We Love Arts: In the Next Room or the vibrator play

Eric Hissom and Katie deBuys in "In the Next Room or the vibrator play." Photo credit: Stan Barouh.

Ah, the Victorians! Always keeping the naughty bits tightly corseted. Such control freaks. At least, that’s our view of them now. It might come as a shock to learn about such inventions as the “electric massager,” on the scene in the 1870′s to relieve the frayed nerves of delicate housewives suffering from mysterious bouts of anxiety. Even more of a shock to learn before the dawn of the electrical age, physicians alleviated such symptoms of their patients the um, old-fashioned way, through manual manipulation. Yet somehow the resulting “paroxysms” and the accompanying relief were seen as strictly therapeutic and not erotic. Masters of keeping the physical and the sexual realms separate, those Victorians. One side Health, the other Damnation.

Woolly Mammoth Theatre Company‘s 2010-2011 season is titled “A Striptease for Your Subconscious” – and if the first play out of the gate is any indication, this is going to be one wild ride. In the Next Room, or the vibrator play explores this acutely private dance between the physical and the sexual, between control and release. Yes, it’s a play about a male scientist/physician using a primitive vibrator on his female patients (and one male) to bring them to orgasm in order to restore the bloom in their cheeks, and yes there are several scenes depicting this, but there’s a lot more going on. Playwright Sarah Ruhl dances on the edge of fairy tale, weaving the mythology of feminine awakening with just enough sweetness to win over any prudish audience member. The final moment of reveal and revelation might still shock some, but its daringness is rather beautiful.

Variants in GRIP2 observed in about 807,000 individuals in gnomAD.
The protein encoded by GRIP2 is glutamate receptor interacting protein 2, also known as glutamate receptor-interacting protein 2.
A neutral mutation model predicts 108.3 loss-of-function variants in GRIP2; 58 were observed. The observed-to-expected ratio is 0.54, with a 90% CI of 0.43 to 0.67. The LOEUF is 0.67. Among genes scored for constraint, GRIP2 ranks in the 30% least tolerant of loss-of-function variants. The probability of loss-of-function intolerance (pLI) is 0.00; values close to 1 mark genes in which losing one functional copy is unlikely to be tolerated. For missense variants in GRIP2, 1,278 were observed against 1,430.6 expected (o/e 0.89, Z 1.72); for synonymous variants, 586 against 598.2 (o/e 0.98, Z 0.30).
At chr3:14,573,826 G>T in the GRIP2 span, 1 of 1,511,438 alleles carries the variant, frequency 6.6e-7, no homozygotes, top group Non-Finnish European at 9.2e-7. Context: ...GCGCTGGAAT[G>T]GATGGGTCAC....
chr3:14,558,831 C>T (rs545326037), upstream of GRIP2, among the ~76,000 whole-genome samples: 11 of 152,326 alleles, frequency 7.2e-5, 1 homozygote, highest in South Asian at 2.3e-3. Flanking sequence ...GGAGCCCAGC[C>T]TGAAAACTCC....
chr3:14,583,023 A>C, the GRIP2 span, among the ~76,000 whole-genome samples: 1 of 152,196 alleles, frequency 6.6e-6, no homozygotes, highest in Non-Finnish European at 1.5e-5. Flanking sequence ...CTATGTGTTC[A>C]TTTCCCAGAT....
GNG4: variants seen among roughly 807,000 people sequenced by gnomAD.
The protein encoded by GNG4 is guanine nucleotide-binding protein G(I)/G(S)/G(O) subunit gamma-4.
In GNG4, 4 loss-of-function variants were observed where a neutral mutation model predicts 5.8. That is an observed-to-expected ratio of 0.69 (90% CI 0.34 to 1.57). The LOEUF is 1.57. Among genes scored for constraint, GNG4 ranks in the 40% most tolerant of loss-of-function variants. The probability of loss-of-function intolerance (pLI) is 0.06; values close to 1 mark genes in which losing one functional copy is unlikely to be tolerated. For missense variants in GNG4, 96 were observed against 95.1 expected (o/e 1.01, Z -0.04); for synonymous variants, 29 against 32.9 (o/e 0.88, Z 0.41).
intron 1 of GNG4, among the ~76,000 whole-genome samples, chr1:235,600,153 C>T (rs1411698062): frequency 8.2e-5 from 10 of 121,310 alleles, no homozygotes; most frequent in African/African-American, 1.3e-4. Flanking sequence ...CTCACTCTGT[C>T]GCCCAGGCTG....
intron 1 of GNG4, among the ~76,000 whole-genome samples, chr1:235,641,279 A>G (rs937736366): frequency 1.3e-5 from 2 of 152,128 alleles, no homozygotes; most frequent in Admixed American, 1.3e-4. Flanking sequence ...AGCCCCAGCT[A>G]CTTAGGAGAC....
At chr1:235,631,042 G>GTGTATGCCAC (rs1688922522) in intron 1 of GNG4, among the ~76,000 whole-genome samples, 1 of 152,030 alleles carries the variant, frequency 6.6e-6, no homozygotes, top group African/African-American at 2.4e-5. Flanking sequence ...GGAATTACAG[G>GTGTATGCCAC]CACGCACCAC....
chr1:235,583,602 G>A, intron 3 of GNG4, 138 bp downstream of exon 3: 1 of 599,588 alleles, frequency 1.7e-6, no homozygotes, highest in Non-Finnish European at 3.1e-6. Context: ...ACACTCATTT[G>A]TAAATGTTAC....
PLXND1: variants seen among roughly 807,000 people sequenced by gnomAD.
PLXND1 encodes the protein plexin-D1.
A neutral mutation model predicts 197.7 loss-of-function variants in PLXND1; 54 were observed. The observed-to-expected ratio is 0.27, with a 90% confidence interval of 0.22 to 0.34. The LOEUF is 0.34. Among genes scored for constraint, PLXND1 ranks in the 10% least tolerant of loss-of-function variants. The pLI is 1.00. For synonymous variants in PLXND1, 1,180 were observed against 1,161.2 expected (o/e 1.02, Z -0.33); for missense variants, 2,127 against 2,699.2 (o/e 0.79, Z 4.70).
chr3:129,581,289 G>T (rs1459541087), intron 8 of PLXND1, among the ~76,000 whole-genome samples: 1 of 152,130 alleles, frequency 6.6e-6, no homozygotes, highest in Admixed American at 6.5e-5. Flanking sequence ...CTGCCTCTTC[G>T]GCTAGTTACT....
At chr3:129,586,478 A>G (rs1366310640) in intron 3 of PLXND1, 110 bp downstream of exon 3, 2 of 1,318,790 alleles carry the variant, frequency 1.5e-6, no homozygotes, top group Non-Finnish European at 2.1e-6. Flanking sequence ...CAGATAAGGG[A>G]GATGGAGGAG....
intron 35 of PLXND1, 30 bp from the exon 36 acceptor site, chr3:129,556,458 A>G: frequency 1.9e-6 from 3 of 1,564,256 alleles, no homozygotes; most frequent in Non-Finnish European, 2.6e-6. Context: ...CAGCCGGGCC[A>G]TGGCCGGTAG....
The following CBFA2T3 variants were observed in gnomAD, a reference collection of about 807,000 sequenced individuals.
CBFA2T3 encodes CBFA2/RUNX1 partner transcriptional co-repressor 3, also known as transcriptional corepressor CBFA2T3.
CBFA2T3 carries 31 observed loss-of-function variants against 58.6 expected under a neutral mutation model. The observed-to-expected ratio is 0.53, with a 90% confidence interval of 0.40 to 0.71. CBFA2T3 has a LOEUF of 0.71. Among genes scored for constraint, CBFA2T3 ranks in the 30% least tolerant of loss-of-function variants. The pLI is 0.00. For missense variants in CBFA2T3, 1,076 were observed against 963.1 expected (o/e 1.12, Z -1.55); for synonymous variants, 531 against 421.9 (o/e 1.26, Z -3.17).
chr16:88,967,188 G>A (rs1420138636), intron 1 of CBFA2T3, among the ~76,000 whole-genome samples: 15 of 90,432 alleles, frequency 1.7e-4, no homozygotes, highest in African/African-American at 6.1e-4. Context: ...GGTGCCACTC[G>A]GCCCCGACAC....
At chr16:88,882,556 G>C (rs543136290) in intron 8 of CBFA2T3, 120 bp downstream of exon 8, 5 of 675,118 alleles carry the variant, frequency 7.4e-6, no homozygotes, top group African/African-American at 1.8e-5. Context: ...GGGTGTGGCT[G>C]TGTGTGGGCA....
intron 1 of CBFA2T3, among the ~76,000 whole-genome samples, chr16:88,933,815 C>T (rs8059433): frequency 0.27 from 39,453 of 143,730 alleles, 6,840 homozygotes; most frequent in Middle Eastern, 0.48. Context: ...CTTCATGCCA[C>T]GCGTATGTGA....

In the Next Room or the vibrator play presents us with a seemingly ill-matched couple – the practical man of science Dr. Givings (a briskly authoritative Eric Hissom) and his wife, the charmingly impulsive Catherine (a radiant Katie deBuys). Sense and sensibility, these two. The doctor plies his trade in the next room, protecting his wife from his work and denying her the deeper affection she craves. The love they share is blocked, just as the unseen walls separate the doctor’s operating room from the drawing room, as the society separates the physical from the erotic. Into their circle weave other blocked lives, some comical, others heart-wrenching.

Among the heart-wrenching ones is the doctor’s nurse Annie, a spinster midwife whose capable presence masks a depth of feeling unsuspected by her employers – beautifully etched as always by Sarah Marshall. Her effect on the doctor’s main patient, the quiveringly damaged Sabrina Daldry, is unexpected but truthful. The character of Mrs. Daldry could easily devolve into cliche – a damaged Victorian rose opening up to life through erotic stimulus sounds pretty D.H. Lawrence to me – but Kimberly Gilbert capably sidesteps cliche and makes vivid both the comedy and the pain in the awakening process. Together the two are a reminder that no matter how much knowledge we acquire, we can’t always get our heart’s desire.